Despite the International Court of Justice demanding that Russia end its hostilities, the war in Ukraine continues at great human cost. While many in Russia deny that their troops target civilians, the destruction of villages, towns and cities is plain for all to see. Ten million people have been displaced, with over 3.5 million of these leaving the country. Many from the Roma communities in Ukraine are among the refugees and they face discrimination as they flee and reach other countries. EPSU argues strongly that human rights apply to everyone and, as expressed in the ETUC resolution on Ukraine, we need to be vigilant about protecting the fundamental values that we stand for.
Funding for our public services – time for wealth taxes…
EPSU’s Ukrainian affiliates are helping to find shelter for people in the country while we continue to work with the unions and the ITUC Solidarity Fund to assess needs and how we can assist. Across Europe public service unions are doing their utmost to help refugees as their increasing numbers expose the existing problems of underfunded public services.
Our Moldovan affiliates report that health and other services are under enormous strain while the paperwork required to ensure refugees have access to housing, child allowance and other benefits is adding to the workloads of staff in social security administrations. The Polish trade union ZUS, says that many of its members are overloaded and exhausted. This is a worsening of an existing problem, compounded by low pay, low morale, lack of staff and modern equipment. Our predominantly female public service workforce feels exploited and sees little respect for the crucial role it plays. The European Union needs to do more to assist.
Several unions already report that governments and employers are using the war as an excuse to say there is no funding to meet workers’ demands. It is high time that national governments and the EU Commission address inequalities and consider wealth and corporate taxes to boost public revenues. EPSU will oppose any attempts to use the war as an excuse to deregulate labour markets, lower wages, or block progress on social rights.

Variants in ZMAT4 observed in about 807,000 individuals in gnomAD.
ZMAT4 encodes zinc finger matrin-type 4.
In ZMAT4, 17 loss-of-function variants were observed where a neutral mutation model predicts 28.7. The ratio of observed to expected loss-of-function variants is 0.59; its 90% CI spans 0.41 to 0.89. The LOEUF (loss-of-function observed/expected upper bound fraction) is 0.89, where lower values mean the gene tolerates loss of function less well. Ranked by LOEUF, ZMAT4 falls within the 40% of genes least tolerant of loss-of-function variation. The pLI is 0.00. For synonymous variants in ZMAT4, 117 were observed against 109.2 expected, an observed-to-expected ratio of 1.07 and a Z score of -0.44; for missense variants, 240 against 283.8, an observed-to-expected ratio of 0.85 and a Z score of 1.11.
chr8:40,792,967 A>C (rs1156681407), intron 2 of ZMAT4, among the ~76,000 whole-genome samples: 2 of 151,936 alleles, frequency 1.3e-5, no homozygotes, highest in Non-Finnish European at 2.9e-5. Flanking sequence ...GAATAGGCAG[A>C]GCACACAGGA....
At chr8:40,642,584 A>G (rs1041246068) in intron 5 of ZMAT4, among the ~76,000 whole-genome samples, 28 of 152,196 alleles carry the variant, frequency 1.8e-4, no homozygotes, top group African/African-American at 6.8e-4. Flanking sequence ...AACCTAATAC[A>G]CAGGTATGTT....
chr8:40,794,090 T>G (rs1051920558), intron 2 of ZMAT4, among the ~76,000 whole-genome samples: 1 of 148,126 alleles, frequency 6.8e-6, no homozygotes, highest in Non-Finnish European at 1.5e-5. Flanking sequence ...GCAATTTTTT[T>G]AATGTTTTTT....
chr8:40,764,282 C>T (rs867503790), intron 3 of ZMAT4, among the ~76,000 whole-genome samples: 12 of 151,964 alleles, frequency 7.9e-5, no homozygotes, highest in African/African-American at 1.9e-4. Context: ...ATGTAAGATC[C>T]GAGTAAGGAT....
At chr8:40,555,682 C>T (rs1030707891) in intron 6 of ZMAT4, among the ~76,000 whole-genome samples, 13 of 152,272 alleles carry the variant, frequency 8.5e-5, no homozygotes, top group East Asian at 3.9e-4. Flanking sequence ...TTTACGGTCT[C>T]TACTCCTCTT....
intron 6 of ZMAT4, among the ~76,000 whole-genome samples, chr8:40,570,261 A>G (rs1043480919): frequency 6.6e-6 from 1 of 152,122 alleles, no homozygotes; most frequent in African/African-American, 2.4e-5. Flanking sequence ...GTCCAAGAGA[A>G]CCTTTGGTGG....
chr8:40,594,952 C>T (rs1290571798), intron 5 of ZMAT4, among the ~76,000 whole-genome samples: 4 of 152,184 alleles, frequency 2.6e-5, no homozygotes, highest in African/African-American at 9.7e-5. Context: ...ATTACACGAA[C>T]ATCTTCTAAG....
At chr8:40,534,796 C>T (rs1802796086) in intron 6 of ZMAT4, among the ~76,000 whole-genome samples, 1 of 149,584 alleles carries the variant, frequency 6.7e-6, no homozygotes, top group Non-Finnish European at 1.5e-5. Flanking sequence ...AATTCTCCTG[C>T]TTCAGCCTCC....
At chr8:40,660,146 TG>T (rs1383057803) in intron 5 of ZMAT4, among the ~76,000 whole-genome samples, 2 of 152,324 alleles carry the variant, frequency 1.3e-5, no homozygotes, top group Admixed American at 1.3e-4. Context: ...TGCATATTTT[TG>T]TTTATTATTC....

Actions across Europe
Many of our unions are taking action to resist such pressures as we report the collective bargaining newsletter, Europe’s only source of news on the negotiations, campaigning and actions taken by public service unions. EPSU has expressed solidarity with the workers involved and we can expect further struggles over increasing energy prices and how to compensate for inflation. Albanian unions report several days of protests as the government failed to curb prices.
EPSU has long argued that the EU’s internal market and its deregulation of prices fails to protect domestic households. More people are coming to see the downside of competition, pushing those without market power into energy poverty. Even the European Commission has opened the door to the possibility of taxing the excessive profits of energy companies. This will not be enough as huge investments will be needed to wean Europe away from Russian gas and stay on the path of the Green Deal. This can only be done with public investment and in a regulated environment. We see no scope for public-private partnerships, blended finance, or incentives for the private sector to invest which will all come down to the same: allowing some to get away with huge profits at our expense. Unions have alternatives and we say the future is public. Public services based on democratic processes and participation allow us to realise human rights and achieve social justice and wellbeing for the many. And on 23 June, Public Service Day, we will make our demands visible together.
On 21 March delegations from EPSU and the social service employers met with employment and social affairs Commissioner Nicolas Schmit. We discussed the impact of the war and the large number of refugees on social care services and the other issues facing the sector. We expect the forthcoming European Care Strategy to address workforce shortages, low pay and the need to strengthen collective bargaining and social dialogue. The Commissioner was positive towards the joint demand to establish a social services social dialogue committee. The Commission is also aware of the scandal enveloping the ORPEA social care multinational. We stressed that there is no place for commercialisation in care, and that the European Care Strategy should not promote this.